They’d heard from his father how Severus had won a scholarship as a kid, and had been shipped off to some fancy school in the wilds of Scotland.  Tobias told all who would listen that his son was a teacher there now – a housemaster, no less – and was some sort of prodigy when it came to chemistry, or physics, or something scientific anyway.  Tobias could never quite remember.

It didn’t stop him extolling Severus’ virtues in the pub.  His job long gone, and his wife dearly departed, Tobias was a permanent fixture at the bar, proudly regaling all with tales about his son’s success. His son, apparently, rang once a week to keep his father in the loop – although the neighbours knew better. They knew Tobias’ landline had been cut off for non-payment many years before.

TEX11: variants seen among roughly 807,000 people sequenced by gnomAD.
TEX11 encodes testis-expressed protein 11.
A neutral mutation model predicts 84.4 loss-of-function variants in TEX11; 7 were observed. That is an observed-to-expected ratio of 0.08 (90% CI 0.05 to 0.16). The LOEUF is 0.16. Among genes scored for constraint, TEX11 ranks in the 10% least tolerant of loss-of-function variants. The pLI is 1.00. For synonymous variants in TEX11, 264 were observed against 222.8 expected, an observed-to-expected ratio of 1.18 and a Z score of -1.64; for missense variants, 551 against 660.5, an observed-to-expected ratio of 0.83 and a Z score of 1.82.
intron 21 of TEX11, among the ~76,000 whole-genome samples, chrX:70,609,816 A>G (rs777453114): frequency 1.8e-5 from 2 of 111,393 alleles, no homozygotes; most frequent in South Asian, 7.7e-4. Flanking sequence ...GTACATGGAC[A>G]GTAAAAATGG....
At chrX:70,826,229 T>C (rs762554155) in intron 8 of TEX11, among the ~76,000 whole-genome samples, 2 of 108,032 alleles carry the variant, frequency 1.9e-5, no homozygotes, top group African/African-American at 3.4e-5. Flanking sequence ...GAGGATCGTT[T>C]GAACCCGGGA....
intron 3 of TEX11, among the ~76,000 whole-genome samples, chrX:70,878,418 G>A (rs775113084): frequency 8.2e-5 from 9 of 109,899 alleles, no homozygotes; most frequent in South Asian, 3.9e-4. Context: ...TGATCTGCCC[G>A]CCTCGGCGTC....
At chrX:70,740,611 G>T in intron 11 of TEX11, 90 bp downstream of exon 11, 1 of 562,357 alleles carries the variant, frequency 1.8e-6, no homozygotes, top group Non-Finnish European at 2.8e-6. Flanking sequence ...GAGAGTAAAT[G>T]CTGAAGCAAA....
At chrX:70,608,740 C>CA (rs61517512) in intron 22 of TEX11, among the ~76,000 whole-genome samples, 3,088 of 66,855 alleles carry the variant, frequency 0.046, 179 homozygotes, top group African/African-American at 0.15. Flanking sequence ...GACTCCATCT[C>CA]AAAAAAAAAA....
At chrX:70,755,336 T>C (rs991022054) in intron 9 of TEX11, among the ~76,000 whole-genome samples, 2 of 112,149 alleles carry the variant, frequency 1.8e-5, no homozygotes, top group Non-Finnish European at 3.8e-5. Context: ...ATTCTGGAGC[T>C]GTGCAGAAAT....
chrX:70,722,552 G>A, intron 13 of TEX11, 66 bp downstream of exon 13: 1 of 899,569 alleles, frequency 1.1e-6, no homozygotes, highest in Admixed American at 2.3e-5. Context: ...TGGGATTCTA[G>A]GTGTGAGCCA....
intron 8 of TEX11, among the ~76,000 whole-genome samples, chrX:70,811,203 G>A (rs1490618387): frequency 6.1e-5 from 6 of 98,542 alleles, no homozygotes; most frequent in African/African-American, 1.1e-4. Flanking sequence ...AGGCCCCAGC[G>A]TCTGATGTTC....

When Tobias had died, Severus’ return had taken the neighbours by surprise.  He wouldn’t be seen for months, and then he’d suddenly appear – although nobody could remember seeing him walking from the station, or jumping off the bus from town.  As soon as they were used to him being around, he’d suddenly vanish.  

Then, one Easter, all changed – and Severus became a permanent fixture in Spinner’s End.  Tobias and Eileen had persevered with their tin bath arrangement long past the days when it was decent, but Severus wasn’t prepared to strip down and wash before the fire.  His hatred of baths was deeply engrained, he opted for installing a shower.